Aequornithes

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Aequornithes
Temporal range: Early Paleocene–Holocene 62–0 Ma[1] Possibly an earlier origin based on molecular clock[2]
Thalassarche cauta - SE Tasmania.jpg
Shy albatross (Thalassarche cauta)
Scientific classification e
Kingdom: Animalia
Phylum: Chordata
Class: Aves
Clade: Ardeae
Clade: Aequornithes
Mayr, 2010
Clades

Aequornithes (/kwɔːrˈnɪθz/, from Latin aequor, expanse of water + Greek ornithes, birds), or core water birds[4] are defined as "the least inclusive clade containing Gaviidae and Phalacrocoracidae".[5]

The monophyly of the group is currently supported by several molecular phylogenetic studies.[6][7][8][9]

Aequornithes includes the clades Gaviiformes, Sphenisciformes, Procellariiformes, Ciconiiformes, Suliformes and Pelecaniformes. It does not include several unrelated groups of aquatic birds such as flamingos and grebes (Mirandornithes), shorebirds and auks (Charadriiformes), or the Anseriformes.

Based on a whole-genome analysis of the bird orders, the kagu and sunbittern (Eurypygiformes) and the three species of tropicbirds (Phaethontiformes) together styled as the Eurypygimorphae are the closest sister group of the Aequornithes in the clade Ardeae.[4]

Aequornithes

Gaviiformes (loons)

Feraequornithes
Procellariimorphae

Procellariiformes (albatross and petrels)

Sphenisciformes (penguins) Chinstrap Penguin white background.jpg

Pelecanimorphae

Pelecaniformes Spot-billed pelican takeoff white background.jpg

Suliformes (boobies, cormorants, etc.)

Ciconiiformes (storks) Weißstorch (Ciconia ciconia) white background.jpg

Cladogram based on Burleigh, J.G. et al. (2015)[10] with some names after Sangster, G. & Mayr, G. (2021).[3]

References[edit]

  1. ^ Slack, Kerryn E.; Jones, Craig M.; Ando, Tatsuro; Harrison, G.L. "Abby"; Fordyce, R. Ewan; Arnason, Ulfur; Penny, David (2006). "Early Penguin Fossils, plus Mitochondrial Genomes, Calibrate Avian Evolution". Molecular Biology and Evolution. 23 (#6): 1144–1155. CiteSeerX 10.1.1.113.4549. doi:10.1093/molbev/msj124. PMID 16533822. Supplementary Material Archived December 16, 2009, at the Wayback Machine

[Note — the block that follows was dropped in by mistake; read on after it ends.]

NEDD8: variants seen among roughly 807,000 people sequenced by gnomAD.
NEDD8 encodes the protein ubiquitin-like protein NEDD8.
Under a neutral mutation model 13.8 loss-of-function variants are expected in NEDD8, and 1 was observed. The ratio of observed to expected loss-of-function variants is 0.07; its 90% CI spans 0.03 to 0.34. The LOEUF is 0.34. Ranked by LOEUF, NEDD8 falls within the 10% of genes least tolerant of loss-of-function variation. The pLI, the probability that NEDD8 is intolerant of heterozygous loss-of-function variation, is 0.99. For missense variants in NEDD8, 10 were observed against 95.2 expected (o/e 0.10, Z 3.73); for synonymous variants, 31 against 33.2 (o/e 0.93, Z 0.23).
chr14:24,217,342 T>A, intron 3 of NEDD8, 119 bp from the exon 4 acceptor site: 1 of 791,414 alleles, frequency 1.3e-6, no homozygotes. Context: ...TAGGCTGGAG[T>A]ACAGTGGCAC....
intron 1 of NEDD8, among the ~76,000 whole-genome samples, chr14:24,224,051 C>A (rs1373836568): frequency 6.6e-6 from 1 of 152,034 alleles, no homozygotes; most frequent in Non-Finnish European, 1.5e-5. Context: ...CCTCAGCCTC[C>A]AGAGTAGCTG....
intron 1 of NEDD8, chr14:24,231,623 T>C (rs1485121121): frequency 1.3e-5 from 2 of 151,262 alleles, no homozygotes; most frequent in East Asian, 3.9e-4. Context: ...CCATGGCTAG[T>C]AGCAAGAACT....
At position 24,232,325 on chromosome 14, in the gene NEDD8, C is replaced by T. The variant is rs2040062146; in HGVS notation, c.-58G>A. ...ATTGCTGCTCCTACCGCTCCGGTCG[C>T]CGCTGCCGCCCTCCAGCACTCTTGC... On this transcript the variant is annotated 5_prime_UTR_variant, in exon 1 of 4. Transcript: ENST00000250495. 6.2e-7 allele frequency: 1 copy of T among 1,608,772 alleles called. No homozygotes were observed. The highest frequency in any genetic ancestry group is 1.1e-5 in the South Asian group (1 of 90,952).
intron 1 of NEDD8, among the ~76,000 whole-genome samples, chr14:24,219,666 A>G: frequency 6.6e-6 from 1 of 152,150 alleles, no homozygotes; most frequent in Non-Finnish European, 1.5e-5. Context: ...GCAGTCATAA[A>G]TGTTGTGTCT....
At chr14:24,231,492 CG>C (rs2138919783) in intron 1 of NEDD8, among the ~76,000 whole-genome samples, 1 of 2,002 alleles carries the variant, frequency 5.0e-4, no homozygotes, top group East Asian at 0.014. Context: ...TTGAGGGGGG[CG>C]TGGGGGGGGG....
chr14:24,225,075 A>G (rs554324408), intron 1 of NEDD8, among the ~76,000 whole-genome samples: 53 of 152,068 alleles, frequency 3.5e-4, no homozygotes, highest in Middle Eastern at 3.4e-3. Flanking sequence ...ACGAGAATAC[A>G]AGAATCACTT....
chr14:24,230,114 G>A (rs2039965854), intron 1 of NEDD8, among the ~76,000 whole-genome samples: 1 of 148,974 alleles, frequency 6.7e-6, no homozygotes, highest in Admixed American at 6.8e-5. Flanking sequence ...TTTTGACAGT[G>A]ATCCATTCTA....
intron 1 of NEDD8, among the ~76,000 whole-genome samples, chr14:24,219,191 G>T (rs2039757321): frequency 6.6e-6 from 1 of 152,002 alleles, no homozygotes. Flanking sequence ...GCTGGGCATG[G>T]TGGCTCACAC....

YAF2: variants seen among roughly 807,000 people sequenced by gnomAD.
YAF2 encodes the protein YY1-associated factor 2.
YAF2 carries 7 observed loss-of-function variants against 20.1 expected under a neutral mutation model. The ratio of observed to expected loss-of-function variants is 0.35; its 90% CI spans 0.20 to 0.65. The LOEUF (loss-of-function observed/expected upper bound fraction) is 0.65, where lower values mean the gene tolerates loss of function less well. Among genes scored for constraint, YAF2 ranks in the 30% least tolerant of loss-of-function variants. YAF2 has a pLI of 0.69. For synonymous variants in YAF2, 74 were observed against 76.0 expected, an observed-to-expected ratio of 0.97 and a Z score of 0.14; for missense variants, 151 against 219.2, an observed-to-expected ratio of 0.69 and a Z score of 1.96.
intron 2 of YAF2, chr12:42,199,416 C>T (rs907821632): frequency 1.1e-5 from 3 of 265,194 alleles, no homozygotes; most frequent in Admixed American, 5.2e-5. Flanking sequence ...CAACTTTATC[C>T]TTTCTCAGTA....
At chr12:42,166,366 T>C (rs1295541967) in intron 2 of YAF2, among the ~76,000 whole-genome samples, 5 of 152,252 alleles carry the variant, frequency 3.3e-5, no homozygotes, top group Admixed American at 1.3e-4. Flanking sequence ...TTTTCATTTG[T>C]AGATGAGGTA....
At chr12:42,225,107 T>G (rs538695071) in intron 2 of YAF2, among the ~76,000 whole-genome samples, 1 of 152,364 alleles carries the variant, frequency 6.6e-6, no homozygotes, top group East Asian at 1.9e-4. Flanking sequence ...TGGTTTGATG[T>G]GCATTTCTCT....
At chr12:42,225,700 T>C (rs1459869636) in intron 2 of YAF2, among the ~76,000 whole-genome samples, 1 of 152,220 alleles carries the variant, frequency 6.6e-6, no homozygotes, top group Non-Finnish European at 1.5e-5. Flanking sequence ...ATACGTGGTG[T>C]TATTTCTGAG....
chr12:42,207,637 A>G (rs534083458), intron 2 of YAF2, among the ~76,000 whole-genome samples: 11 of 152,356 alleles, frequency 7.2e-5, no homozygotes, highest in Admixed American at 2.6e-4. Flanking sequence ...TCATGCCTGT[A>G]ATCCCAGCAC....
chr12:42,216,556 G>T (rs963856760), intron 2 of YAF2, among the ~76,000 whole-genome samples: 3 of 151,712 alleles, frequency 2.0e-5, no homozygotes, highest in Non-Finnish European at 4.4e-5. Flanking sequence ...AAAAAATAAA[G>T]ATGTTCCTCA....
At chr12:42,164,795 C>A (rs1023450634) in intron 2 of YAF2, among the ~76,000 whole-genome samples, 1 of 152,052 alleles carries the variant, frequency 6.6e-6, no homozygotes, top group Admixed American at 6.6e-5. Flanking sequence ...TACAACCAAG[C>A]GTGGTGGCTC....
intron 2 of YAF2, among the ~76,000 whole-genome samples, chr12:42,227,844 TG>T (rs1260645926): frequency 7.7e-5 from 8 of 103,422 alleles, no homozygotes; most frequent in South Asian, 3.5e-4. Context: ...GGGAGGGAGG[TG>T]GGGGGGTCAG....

2. ^ Kuhl., H.; Frankl-Vilches, C.; Bakker, A.; Mayr, G.; Nikolaus, G.; Boerno, S. T.; Klages, S.; Timmermann, B.; Gahr, M. (2020). "An unbiased molecular approach using 3'UTRs resolves the avian family-level tree of life". Molecular Biology and Evolution: 143. doi:10.1093/molbev/msaa191.
  3. ^ a b Sangster, G.; Mayr, G. (2021). "Feraequornithes: a name for the clade formed by Procellariiformes, Sphenisciformes, Ciconiiformes, Suliformes and Pelecaniformes (Aves)". Vertebrate Zoology. 71: 49–53. doi:10.3897/vertebrate-zoology.71.e61728.
  4. ^ a b Jarvis, E.D.; et al. (12 December 2014). "Whole-genome analyses resolve early branches in the tree of life of modern birds". Science. 346 (6215): 1320–1331. Bibcode:2014Sci...346.1320J. doi:10.1126/science.1253451. PMC 4405904. PMID 25504713.
  5. ^ Mayr, G. (February 2011). "Metaves, Mirandornithes, Strisores and other novelties – a critical review of the higher-level phylogeny of neornithine birds". J Zool Syst Evol Res. 49 (1): 58–76. doi:10.1111/j.1439-0469.2010.00586.x.
  6. ^ Hackett, S.J.; et al. (27 June 2008). "A Phylogenomic Study of Birds Reveals Their Evolutionary History". Science. 320 (5884): 1763–1768. Bibcode:2008Sci...320.1763H. doi:10.1126/science.1157704. PMID 18583609. S2CID 6472805.
  7. ^ Yuri, T.; et al. (2013). "Parsimony and model-based analyses of indels in avian nuclear genes reveal congruent and incongruent phylogenetic signals". Biology. 2 (1): 419–444. doi:10.3390/biology2010419. PMC 4009869. PMID 24832669.
  8. ^ Kimball, R.T.; et al. (December 2013). "Identifying localized biases in large datasets: A case study using the Avian Tree of Life". Mol Phylogenet Evol. 69 (3): 1021–32. doi:10.1016/j.ympev.2013.05.029. PMID 23791948.
  9. ^ Kuramoto, T.; et al. (2015). "Determining the Position of Storks on the Phylogenetic Tree of Waterbirds by Retroposon Insertion Analysis". Genome Biology and Evolution. 7 (12): 3180–3189. doi:10.1093/gbe/evv213. PMC 4700946. PMID 26527652.
  10. ^ Burleigh, J.G.; et al. (March 2015). "Building the avian tree of life using a large-scale, sparse supermatrix". Molecular Phylogenetics and Evolution. 84: 53–63. doi:10.1016/j.ympev.2014.12.003. PMID 25550149.